3. Caroline says:

    Jess, I love your thoughts here. That part about wanting to be a producer of light rather than a consumer of it resonates with me.

    Beautiful post!

  4. Janey says:

    It makes me sad that so many people seem to have been raised in a way that makes them not understand this from a very young age. Life is to be enjoyed. We don’t live in fear of making mistakes. We just try to avoid them as we go about doing good things. I guess I am going to be forced to finally accept that almost everyone that posts on blogs like this had parents that messed up their concept of what our religion is. Sad

  5. AnaCA says:

    I recognized myself in your description of having a harder day with the family after a wonderful time away. I really struggle with re-entry!

    For all that some people had concerns with Elder Ballard’s talk last General Conference, I thought he did a great job giving very specific practical steps toward enjoying motherhood and womanhood. The first one was recognizing moments of joy. I’ve had it on a sticky note on my computer ever since and have found myself at times – snuggling the baby to sleep, watching an eager answer in FHE – realizing, “this is one of the moments.” It definitely takes a conscious effort, and maybe sometimes a slightly out-of-the-ordinary way of thinking about joy makes that a little easier.

  6. Mel S says:

    What a great reminder – I love Clay’s thoughts that creating joy is a characteristic of the divine.

    Too often we peg our God as one who thrives on deprivation, that it is the key to overcoming the natural woman, and we get sucked into a righteousness competition with how strictly we observe the sabbath, the For the Strength of Youth pamphlet, or the WoW.

    Where do you think the line is between the traditional approach and the joyous one?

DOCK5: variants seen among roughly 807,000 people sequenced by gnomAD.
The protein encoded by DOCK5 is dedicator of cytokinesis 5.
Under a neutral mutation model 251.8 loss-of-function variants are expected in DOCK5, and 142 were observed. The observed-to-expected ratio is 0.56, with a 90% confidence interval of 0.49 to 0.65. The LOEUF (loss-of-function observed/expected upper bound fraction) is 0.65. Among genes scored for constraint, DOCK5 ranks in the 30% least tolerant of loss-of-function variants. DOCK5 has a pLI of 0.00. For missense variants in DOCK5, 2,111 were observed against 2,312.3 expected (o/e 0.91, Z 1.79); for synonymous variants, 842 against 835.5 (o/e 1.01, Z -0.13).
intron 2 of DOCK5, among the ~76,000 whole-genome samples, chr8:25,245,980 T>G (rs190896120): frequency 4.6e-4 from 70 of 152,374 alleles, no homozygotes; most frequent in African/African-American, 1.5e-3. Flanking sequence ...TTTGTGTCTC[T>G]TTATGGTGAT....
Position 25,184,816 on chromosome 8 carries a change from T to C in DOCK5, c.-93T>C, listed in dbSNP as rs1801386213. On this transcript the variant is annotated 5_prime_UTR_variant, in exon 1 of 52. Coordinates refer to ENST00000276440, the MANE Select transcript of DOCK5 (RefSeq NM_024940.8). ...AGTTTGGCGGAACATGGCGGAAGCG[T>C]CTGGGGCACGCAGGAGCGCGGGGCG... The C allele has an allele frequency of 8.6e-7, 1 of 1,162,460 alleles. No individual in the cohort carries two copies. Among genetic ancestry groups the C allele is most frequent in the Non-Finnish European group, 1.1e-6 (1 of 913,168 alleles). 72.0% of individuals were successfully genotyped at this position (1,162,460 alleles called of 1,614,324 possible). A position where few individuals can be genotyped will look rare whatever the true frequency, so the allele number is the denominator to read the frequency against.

7. Jessawhy says:

    Thanks for your comments, everyone!

    G, I’m so glad you enjoyed the piece. I was really caught up in the connections to pagan magick that surrounded Joseph Smith’s time. I actually feel a little sad that we try so hard as a church to “overcome” the magick and mysticism the was a part of early church history. I think we should embrace it. Perhaps that would help us find and embrace the divine within us as well.

    Margy,
    I like the idea of looking for the joy in the Book of Mormon, or anywhere in life. I’ve found that smiling really helps me. There’s some science to support the idea, “Fake it till you make it.”

    Caroline,
    It’s hard for me to actually put these ideas into practice, but putting them down on paper, so to speak, is a step in the right direction.

    Janey,
    You may be right that I wasn’t raised to enjoy life. But, I do think that many of us are too focused on not breaking rules and not focused enough on how to help others, or how to bring light and joy to those around us.

    AnaCA,
    I’ll have to go back and look at Elder Ballard’s talk. I find that looking for the beauty and being grateful for the small moments is a way for me to find greater joy in my life.

    Mel S,
    You ask a great question.
    “Where do you think the line is between the traditional approach and the joyous one?”
    I think it was Natalie at BCC who talked about going about our lives in the joyous path, and repenting for sins along the way. But, I see your point that the line is often fuzzy and unique for everyone.

  8. G says:

    jessawhy, have you ever read “Early Mormonism and the Magic World View” by Michael Quinn?

    I’m about half way through it (I’ve been about half-way through it for several months now) and it is a fascinating review of the ‘folk’ beliefs and magic world view (“pagan”) that informed Joseph Smith’s upbringing.

    (I really need to finish that book.)

  9. Jessawhy says:

    G
    I haven’t read it, but it sounds fascinating. I’ll have to get a copy.
    (My shelf of half-read books is pretty long, including many Mormon titles: Rough Stone Rolling, In Sacred Loneliness, etc)

  10. Kiri Close says:

    this post is so cool, & has come to me right when I need it :o)

  11. amber says:

    Thankyou, I love this!!

Leave a Reply